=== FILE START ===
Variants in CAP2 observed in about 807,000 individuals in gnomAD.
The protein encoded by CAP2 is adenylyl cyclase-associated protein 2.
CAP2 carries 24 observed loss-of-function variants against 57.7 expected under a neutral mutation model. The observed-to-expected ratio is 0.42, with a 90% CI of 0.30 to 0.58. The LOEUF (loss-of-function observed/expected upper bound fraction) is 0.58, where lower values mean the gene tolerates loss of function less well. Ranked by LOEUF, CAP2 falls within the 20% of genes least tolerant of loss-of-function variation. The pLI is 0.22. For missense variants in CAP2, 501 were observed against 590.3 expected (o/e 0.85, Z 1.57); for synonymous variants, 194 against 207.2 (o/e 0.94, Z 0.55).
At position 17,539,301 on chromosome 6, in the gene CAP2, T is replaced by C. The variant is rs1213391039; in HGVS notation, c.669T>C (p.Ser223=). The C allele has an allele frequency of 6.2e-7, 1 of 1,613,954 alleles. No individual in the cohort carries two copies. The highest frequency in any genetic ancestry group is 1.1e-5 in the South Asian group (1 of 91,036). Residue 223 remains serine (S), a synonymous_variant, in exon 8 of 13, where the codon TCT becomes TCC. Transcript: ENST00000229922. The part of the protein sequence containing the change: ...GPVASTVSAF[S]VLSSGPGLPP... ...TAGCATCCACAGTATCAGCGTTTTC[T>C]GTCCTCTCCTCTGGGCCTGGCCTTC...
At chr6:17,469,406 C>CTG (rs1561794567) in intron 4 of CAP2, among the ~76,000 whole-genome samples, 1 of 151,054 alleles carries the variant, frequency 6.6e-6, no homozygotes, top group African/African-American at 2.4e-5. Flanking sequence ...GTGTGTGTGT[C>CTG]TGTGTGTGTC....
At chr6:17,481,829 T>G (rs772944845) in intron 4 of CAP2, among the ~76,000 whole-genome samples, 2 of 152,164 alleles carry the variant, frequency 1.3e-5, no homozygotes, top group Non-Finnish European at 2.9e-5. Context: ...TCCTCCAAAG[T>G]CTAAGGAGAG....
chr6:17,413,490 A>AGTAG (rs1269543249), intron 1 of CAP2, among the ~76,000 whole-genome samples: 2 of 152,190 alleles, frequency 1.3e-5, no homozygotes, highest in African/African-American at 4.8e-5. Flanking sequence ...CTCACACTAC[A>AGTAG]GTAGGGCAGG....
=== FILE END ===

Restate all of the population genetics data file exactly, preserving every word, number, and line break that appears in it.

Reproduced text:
Variants in CAP2 observed in about 807,000 individuals in gnomAD.
The protein encoded by CAP2 is adenylyl cyclase-associated protein 2.
CAP2 carries 24 observed loss-of-function variants against 57.7 expected under a neutral mutation model. The observed-to-expected ratio is 0.42, with a 90% CI of 0.30 to 0.58. The LOEUF (loss-of-function observed/expected upper bound fraction) is 0.58, where lower values mean the gene tolerates loss of function less well. Ranked by LOEUF, CAP2 falls within the 20% of genes least tolerant of loss-of-function variation. The pLI is 0.22. For missense variants in CAP2, 501 were observed against 590.3 expected (o/e 0.85, Z 1.57); for synonymous variants, 194 against 207.2 (o/e 0.94, Z 0.55).
At position 17,539,301 on chromosome 6, in the gene CAP2, T is replaced by C. The variant is rs1213391039; in HGVS notation, c.669T>C (p.Ser223=). The C allele has an allele frequency of 6.2e-7, 1 of 1,613,954 alleles. No individual in the cohort carries two copies. The highest frequency in any genetic ancestry group is 1.1e-5 in the South Asian group (1 of 91,036). Residue 223 remains serine (S), a synonymous_variant, in exon 8 of 13, where the codon TCT becomes TCC. Transcript: ENST00000229922. The part of the protein sequence containing the change: ...GPVASTVSAF[S]VLSSGPGLPP... ...TAGCATCCACAGTATCAGCGTTTTC[T>C]GTCCTCTCCTCTGGGCCTGGCCTTC...
At chr6:17,469,406 C>CTG (rs1561794567) in intron 4 of CAP2, among the ~76,000 whole-genome samples, 1 of 151,054 alleles carries the variant, frequency 6.6e-6, no homozygotes, top group African/African-American at 2.4e-5. Flanking sequence ...GTGTGTGTGT[C>CTG]TGTGTGTGTC....
At chr6:17,481,829 T>G (rs772944845) in intron 4 of CAP2, among the ~76,000 whole-genome samples, 2 of 152,164 alleles carry the variant, frequency 1.3e-5, no homozygotes, top group Non-Finnish European at 2.9e-5. Context: ...TCCTCCAAAG[T>G]CTAAGGAGAG....
chr6:17,413,490 A>AGTAG (rs1269543249), intron 1 of CAP2, among the ~76,000 whole-genome samples: 2 of 152,190 alleles, frequency 1.3e-5, no homozygotes, highest in African/African-American at 4.8e-5. Flanking sequence ...CTCACACTAC[A>AGTAG]GTAGGGCAGG....